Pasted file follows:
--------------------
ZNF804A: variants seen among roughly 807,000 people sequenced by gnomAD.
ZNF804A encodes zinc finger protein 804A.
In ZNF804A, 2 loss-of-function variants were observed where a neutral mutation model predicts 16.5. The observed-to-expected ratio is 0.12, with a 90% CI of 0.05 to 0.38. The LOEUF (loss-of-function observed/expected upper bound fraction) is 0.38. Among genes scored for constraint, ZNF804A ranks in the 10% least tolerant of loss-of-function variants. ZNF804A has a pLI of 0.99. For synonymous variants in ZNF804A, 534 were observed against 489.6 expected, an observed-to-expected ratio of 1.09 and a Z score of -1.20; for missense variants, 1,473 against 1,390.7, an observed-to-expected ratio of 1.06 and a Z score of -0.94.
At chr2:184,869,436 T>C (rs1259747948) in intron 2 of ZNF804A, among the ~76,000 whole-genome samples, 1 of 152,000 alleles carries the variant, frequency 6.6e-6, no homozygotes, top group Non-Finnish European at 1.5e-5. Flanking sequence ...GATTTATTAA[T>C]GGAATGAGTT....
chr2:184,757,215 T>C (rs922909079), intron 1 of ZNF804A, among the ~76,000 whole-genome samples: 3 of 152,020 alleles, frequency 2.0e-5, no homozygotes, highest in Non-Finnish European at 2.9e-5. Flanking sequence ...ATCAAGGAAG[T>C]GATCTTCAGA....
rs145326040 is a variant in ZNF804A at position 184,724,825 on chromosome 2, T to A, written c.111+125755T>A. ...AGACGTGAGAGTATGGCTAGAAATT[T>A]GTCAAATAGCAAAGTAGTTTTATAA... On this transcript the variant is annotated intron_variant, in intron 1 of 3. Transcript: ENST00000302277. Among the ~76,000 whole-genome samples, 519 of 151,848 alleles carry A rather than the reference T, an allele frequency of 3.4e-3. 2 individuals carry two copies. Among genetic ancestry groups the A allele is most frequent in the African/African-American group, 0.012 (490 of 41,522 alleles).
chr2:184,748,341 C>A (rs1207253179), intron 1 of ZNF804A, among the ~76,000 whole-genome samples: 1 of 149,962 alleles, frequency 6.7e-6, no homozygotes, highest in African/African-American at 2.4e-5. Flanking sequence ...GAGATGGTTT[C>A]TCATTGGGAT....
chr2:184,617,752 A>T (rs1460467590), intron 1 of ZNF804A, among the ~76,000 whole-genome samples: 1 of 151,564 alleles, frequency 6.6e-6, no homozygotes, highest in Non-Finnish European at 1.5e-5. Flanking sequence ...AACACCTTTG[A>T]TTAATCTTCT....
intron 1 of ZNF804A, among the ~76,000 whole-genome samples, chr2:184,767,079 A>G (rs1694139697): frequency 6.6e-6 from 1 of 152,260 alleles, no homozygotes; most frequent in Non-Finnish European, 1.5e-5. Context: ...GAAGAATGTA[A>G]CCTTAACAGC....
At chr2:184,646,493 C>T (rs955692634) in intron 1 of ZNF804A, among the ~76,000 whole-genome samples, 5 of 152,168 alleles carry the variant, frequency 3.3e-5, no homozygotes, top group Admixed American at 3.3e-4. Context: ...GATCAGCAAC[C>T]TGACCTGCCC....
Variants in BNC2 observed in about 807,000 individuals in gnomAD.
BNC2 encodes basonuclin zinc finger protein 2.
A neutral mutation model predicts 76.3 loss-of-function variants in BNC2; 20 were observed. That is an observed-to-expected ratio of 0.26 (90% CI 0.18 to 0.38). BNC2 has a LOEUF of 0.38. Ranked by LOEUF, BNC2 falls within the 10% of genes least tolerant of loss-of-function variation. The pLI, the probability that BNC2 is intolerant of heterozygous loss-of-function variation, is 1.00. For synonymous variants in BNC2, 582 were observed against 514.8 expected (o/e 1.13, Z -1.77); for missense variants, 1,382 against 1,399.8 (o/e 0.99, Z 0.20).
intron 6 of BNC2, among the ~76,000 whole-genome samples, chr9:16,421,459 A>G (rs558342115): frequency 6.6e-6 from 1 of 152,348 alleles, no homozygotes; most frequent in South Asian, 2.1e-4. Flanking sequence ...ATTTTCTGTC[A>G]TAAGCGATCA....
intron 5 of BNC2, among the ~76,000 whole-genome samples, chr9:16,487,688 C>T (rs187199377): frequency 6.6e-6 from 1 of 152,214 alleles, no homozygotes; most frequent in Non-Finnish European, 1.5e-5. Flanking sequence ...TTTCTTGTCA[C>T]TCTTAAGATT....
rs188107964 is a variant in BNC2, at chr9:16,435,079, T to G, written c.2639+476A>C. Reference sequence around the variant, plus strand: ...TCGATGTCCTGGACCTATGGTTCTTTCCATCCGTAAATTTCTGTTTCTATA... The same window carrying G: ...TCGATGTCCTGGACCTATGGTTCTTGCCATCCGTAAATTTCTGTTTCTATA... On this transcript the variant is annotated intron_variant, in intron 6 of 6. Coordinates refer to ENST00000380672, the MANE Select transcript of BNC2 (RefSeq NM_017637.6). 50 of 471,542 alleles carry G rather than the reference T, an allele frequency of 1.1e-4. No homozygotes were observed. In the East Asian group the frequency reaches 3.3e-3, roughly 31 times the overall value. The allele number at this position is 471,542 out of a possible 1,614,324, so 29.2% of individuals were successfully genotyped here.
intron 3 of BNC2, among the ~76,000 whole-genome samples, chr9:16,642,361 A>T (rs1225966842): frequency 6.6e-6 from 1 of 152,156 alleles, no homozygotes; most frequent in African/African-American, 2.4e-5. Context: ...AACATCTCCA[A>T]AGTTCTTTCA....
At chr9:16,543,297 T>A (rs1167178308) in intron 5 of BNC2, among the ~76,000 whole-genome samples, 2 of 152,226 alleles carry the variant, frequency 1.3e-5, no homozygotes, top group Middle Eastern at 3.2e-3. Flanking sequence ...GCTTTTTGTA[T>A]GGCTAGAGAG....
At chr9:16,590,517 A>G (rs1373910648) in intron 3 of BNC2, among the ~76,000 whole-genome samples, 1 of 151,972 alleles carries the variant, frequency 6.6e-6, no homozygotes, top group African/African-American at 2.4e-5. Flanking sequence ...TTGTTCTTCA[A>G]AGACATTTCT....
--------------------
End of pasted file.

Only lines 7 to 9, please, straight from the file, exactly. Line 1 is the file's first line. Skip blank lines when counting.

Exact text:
chr2:184,748,341 C>A (rs1207253179), intron 1 of ZNF804A, among the ~76,000 whole-genome samples: 1 of 149,962 alleles, frequency 6.7e-6, no homozygotes, highest in African/African-American at 2.4e-5. Flanking sequence ...GAGATGGTTT[C>A]TCATTGGGAT....
chr2:184,617,752 A>T (rs1460467590), intron 1 of ZNF804A, among the ~76,000 whole-genome samples: 1 of 151,564 alleles, frequency 6.6e-6, no homozygotes, highest in Non-Finnish European at 1.5e-5. Flanking sequence ...AACACCTTTG[A>T]TTAATCTTCT....
intron 1 of ZNF804A, among the ~76,000 whole-genome samples, chr2:184,767,079 A>G (rs1694139697): frequency 6.6e-6 from 1 of 152,260 alleles, no homozygotes; most frequent in Non-Finnish European, 1.5e-5. Context: ...GAAGAATGTA[A>G]CCTTAACAGC....